Graduate and Postdoc (GaP) Seminar Series

Event Details
  • Date/Time:
    • Wednesday February 6, 2013 - Thursday February 7, 2013
      11:00 am - 11:59 am
  • Location: Parker H. Petit Institute for Bioengineering & Bioscience, Rm. 1128
  • Phone: (404) 894-6228
  • URL:
  • Email:
  • Fee(s):
  • Extras:

Manu Platt, PhD


Summary Sentence: Chiaolong Hsiao, PhD, and Sandeep Kumar, PhD, presenting

Full Summary: The Graduate and Post-Doc (GaP) Seminar Series is a weekly event of research presentations by two graduate students or post-docs conducting bio-related research.  The series is organized and sponsored by the Parker H. Petit Institute for Bioengineering and Bioscience (IBB) with additional support from the Wallace H. Coulter Department of Biomedical Engineering. It is held every Wednesday at 12:00pm in IBB 1128 and refreshments are provided. If your research group or department would like to present at future seminars, please contact Manu Platt, PhD.

  • GaP Seminar Series GaP Seminar Series
  • Chiaolong Hsiao, PhD Chiaolong Hsiao, PhD
  • Sandeep Kumar, PhD Sandeep Kumar, PhD


Chiaolong Hsiao, PhD - Advisor, Loren Williams, PhD

"Molecular Paleontology: A Working Biochemical Model of the Ancestral Ribosome"

In this talk, I will present our recent research on ancient biochemistry. Our focus is the ribosome, which is an macromolecular machine that has been functioning for around 3.5 billion years. We are  reconstructing (in silico) and resurrecting (in vitro and in vivo) the ancestral ribosome. Our current model of the ancestral ribosome incorporates ~20% of the extant 23S rRNA and fragments of five ribosomal proteins. We test hypotheses that ancestral rRNA can: (i) assume canonical 23S rRNA-like secondary structure, (ii) assume canonical tertiary structure, (iii) form native complexes with ribosomal protein fragments, and (iv) show peptidyl transferase activity.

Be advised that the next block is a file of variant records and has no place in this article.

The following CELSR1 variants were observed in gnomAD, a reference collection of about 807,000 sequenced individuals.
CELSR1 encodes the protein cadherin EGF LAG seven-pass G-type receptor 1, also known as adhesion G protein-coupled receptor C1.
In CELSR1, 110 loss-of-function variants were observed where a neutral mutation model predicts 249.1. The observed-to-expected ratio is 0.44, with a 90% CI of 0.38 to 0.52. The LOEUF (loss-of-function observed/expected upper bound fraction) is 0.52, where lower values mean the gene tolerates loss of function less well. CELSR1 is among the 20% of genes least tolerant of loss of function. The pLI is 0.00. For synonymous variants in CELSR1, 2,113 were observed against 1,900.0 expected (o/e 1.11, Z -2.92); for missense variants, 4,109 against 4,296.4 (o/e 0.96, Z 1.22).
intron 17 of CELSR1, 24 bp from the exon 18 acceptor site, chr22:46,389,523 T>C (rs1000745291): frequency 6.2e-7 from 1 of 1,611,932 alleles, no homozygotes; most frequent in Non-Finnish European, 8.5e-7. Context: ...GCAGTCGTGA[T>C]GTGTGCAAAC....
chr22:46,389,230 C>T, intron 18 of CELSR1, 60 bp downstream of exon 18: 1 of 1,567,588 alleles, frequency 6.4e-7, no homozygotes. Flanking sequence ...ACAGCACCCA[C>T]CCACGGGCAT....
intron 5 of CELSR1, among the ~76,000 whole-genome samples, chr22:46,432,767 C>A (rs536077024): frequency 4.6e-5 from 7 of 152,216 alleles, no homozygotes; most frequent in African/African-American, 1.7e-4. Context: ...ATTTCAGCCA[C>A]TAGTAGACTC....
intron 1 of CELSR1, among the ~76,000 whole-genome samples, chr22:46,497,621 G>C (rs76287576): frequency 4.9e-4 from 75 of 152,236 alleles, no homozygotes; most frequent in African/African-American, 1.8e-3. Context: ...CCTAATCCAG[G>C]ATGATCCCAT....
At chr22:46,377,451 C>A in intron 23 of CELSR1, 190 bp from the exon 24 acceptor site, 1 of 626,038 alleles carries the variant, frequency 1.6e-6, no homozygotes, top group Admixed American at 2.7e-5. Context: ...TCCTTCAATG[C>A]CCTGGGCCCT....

Footprinting experiments, Gel shift, spectroscopic, and yeast three-hybrid assays support formation of predicted secondary and tertiary structure, and show specific interactions between ancestral rRNA and ribosomal protein fragments. This robustness suggests that the catalytic core of the ribosome is an ancient construct that has survived billions of years of evolution without major changes in structure. Finally, we will show this ancestral rRNA is capable of catalyzing peptide bond formation.

Sandeep Kumar, PhD - Advisor, Hanjoong Jo, PhD

 "Role of Flow-sensitive MicroRNA--miR-712 in Atherosclerosis"

We identified miR-712 as a critical flow-sensitive miRNA in the endothelium. Mechanistically, miR-712 downregulated tissue inhibitor of metalloproteinase-3 (TIMP3) that resulted in activation of downstream metalloproteinases thereby stimulating pro-atherogenic responses (endothelial tubule formation and sprouting) in a flow-dependent manner. Treatment with anti-miR-712 reduced plaque formation in two different murine models of atherosclerosis.

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In Campus Calendar

Parker H. Petit Institute for Bioengineering and Bioscience (IBB)

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chanwoo kim, chiaolong Hsiao, GaP Seminar, IBB
  • Created By: Colly Mitchell
  • Workflow Status: Published
  • Created On: Jan 15, 2013 - 12:54pm
  • Last Updated: Oct 7, 2016 - 10:02pm